This book takes up Lenin’s extensive but little-known writings on Hegel, especially his 1914-15 notebooks on Hegel’s Science of Logic. I argue that in these notes, Lenin broke with the crude materialism of his generation of Marxists and of his own earlier work like Materialism and Empirio-Criticism (1908). His confrontation with Hegel was part of a rethinking of his old categories in light of the crisis and break-up of the Second International (world socialist movement) during the First World War. He drew from Hegel concepts like subjectivity and self-movement, and he also interrogated the possibility that the diremption between idealism and materialism advocated by Engels ran the danger of falling into a crude materialism that ignored subjectivity and human consciousness. Instead, Lenin argued that human cognition not only reflects the world (in a materialist sense), but also creates the world (in the sense of revolutionary subjectivity). He concluded that it was impossible to grasp Marx’s Capital without a thorough study of Hegel’s Logic.
At the same time, certain limits were evident in Lenin’s dialectics, not only the fact that he did not make public his new thinking on Hegel, but also in his failure to grasp fully core Hegelian categories like negation of the negation, absolute negativity, or the relation of theory to practice. Nonetheless, Lenin’s wartime studies of Hegel helped to give a richer, more dialectical quality to his subsequent and better-known writings on imperialism, anti-colonial movements, and the state and revolution. In particular, I argue that Lenin’s studies of Hegel helped him to create dialectical analysis of imperialism, in a double sense: (1) Monopoly capitalism was the product of a dialectical “transformation into opposite” of the old capitalism and it engendered a new phenomenon, global imperialism. (2)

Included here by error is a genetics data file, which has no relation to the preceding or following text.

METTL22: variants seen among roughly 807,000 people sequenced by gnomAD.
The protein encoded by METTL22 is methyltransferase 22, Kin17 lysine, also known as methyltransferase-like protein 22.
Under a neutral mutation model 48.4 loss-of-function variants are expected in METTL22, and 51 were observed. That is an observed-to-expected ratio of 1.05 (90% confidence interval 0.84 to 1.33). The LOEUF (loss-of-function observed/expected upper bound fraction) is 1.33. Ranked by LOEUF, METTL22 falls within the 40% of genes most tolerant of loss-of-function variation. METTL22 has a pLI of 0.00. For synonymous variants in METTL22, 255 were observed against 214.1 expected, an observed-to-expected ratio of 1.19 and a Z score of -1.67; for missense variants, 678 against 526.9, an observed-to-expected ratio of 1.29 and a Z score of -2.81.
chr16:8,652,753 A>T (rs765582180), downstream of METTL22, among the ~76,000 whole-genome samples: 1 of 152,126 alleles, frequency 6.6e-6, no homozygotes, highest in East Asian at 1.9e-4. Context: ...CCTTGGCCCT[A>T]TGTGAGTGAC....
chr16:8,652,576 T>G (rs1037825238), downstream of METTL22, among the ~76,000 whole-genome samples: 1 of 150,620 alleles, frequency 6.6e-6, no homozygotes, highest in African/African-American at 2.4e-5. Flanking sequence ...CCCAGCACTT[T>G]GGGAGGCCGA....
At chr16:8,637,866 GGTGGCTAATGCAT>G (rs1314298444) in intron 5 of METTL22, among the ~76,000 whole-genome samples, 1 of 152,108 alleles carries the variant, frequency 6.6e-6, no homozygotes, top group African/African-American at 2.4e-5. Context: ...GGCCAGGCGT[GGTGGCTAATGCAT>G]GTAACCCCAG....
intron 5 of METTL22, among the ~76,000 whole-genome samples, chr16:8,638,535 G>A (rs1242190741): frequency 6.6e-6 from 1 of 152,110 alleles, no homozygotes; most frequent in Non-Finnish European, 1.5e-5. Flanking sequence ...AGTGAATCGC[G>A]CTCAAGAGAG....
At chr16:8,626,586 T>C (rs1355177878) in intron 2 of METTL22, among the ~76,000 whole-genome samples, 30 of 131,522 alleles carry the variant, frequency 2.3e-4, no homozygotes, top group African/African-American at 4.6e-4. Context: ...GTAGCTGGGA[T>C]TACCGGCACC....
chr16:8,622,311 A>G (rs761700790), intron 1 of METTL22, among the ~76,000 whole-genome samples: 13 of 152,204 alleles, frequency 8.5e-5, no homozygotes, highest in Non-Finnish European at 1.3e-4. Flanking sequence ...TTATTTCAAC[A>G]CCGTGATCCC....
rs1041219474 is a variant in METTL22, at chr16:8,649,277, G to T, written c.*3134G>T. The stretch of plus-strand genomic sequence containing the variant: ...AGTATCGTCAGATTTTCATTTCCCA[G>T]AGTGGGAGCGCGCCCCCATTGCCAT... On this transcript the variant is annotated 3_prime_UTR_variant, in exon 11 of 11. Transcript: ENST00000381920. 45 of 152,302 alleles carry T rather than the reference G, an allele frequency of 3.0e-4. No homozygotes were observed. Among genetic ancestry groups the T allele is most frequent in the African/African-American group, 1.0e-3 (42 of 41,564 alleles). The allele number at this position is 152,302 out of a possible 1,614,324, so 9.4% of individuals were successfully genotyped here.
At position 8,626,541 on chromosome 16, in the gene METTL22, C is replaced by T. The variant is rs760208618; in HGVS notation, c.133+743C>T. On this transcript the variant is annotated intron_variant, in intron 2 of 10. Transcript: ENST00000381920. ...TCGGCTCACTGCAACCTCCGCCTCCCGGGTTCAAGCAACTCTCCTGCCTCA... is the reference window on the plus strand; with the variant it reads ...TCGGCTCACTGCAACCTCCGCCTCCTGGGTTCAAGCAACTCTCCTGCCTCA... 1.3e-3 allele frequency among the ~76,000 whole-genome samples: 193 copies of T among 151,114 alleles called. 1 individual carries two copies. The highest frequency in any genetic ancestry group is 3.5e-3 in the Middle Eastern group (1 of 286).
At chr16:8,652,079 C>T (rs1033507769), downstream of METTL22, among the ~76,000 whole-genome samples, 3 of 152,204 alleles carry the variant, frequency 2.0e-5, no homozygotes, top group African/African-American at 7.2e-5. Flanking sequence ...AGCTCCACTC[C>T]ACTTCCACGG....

The rise of imperialism strengthened global capital, but it also led to new contradictions within the global capitalist system, to anti-colonial national liberation movements – from China and India to Ireland — as new forms of resistance that could ally with the Western working classes against capital. In this sense, Lenin’s notebooks on Hegel had more than a philosophical importance and were part of his wider break with established Marxism and his attempts to refound a revolutionary Marxism upon the ruins of the Second International.
This book takes up as well the considerable discussions of Lenin’s writings on Hegel by Western Marxists such as Karl Korsch, Georg Lukács, Henri Lefebvre, C. L. R. James, Raya Dunayevskaya, Lucio Colletti, and Louis Althusser. Here the positions vary considerably, with Lukács and Korsch having discussed Lenin’s Hegel notebooks rather briefly, using his work to validate theirs at strategic junctures in the face of the crude materialism of Lenin’s successors. A generation later, Lefebvre, James, and Dunayevskaya took Lenin’s Hegel notebooks up more fully, considering them to have been a crucial chapter in the history of Marxism, one that informed their own concepts of dialectic and which influenced their own studies of Hegel.
For Dunayevskaya especially, this was closely tied to the young Marx’s writings on humanism and dialectic in the 1844 Manuscripts as well. For their part, Althusser and Colletti, who launched counterattacks against Marxist humanism and the post-World War II focus by critical Marxist thinkers on consciousness and the human subject. In doing so, they took up not only the young Marx, but also Lenin’s 1914-15 writings on Hegel, seeking to collapse them back into a more orthodox interpretation of Lenin and his legacy.
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